Your daily dose of news, notes and links from around Kansas University.
• What do KU mascots do in the summer, when there’s no school-sanctioned sporting events for them to prowl around at?
Apparently, they get to participate in a few events of their own, at the Mascot Games, a charity event held in Florida at the end of July that involves all sorts of mascots competing in gladiator-themed games.
It’s the 19th year for the event, which benefits the Orlando-based New Hope for Kids charity, which grants wishes to ailing children.
Both Big Jay and Baby Jay participated this summer, though they were split up into different teams.
Baby Jay was on the red team, with Stormy of the Carolina Hurricanes, Junction Jack of the Houston Astros, Sabretooth of the Buffalo Sabres, Bucky Badger from the University of Wisconsin and Rocky the Bull from the University of South Florida.
Big Jay was on the green team, with Rowdy of the Dallas Cowboys, Rax from the Buffalo Bandits, Lil Red from the University of Nebraska, Storm Dawg from the Tampa Bay Storm, Rodney Ram from Virginia Commonwealth University and Alberta from the University of Florida.
I’d have figured the green team would have been superior (I wouldn’t mess with anything named Storm Dawg). But an event organizer told me (yes, I actually sent an email to get the results of the competition), Baby Jay’s team was the one that managed to take home a first-place finish in one of the three different competitions the mascots held.
• If it’s a little hot for you, you might want to consider hooking up with KU’s ecology and evolutionary biology department.
Because they get to take trips to Antarctica. I don’t know about you, but a nice long sojourn to a vast, frozen land would do me just fine these days.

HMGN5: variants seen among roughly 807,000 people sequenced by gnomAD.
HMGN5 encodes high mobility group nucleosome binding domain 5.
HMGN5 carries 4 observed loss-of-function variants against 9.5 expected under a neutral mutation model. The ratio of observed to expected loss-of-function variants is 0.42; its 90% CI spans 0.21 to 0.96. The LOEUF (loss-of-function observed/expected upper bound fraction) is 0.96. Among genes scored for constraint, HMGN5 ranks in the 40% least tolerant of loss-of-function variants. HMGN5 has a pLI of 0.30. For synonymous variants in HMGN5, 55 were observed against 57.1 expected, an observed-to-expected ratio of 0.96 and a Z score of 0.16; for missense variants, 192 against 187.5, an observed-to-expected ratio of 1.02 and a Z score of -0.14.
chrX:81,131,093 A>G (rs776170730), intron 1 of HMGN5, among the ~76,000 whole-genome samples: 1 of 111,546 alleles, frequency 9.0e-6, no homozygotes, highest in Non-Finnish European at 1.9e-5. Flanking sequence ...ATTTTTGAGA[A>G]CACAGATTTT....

Andrew Schwendemann, a doctoral student working under Thomas N. Taylor, distinguished professor of paleobiology, made the trip last winter, when it probably wasn’t as fun.
He was looking for fossilized plant roots from 240 million years ago to provide evidence of the oldest known plant-fungi symbiotic relationship.
According to a post on the KU Biodiversity Institute’s website, the relationship allowed the fungus to obtain carbon from the plant, and the plant to obtain nutrients from the fungus.
Schwendemann went to Antarctica last winter in the Transantarctic Mountains, and came back with 10,300 pounds of fossils.
The plant-fungus research was published in the Proceedings of the National Academy of Sciences.
• If you’re looking for something to do after the first full day of classes this semester on Aug. 22, you can meander over to the Lied Center that evening for some hypnosis from stage hypnotist Michael C. Anthony, in a free event sponsored by Student Union Activities.
The event is intended for KU students, and volunteers will be taken from the audience. So if listening to professors explain syllabi all day long won’t put you to sleep, this should serve as another opportunity.
• You’re getting sleepy… very sleepy… you’re loading up your email program… you’re typing “firstname.lastname@example.org” in the “To” box… you’re sending me a tip for Heard on the Hill… very sleepy… you’re slowly — very slowly — clicking “Send”…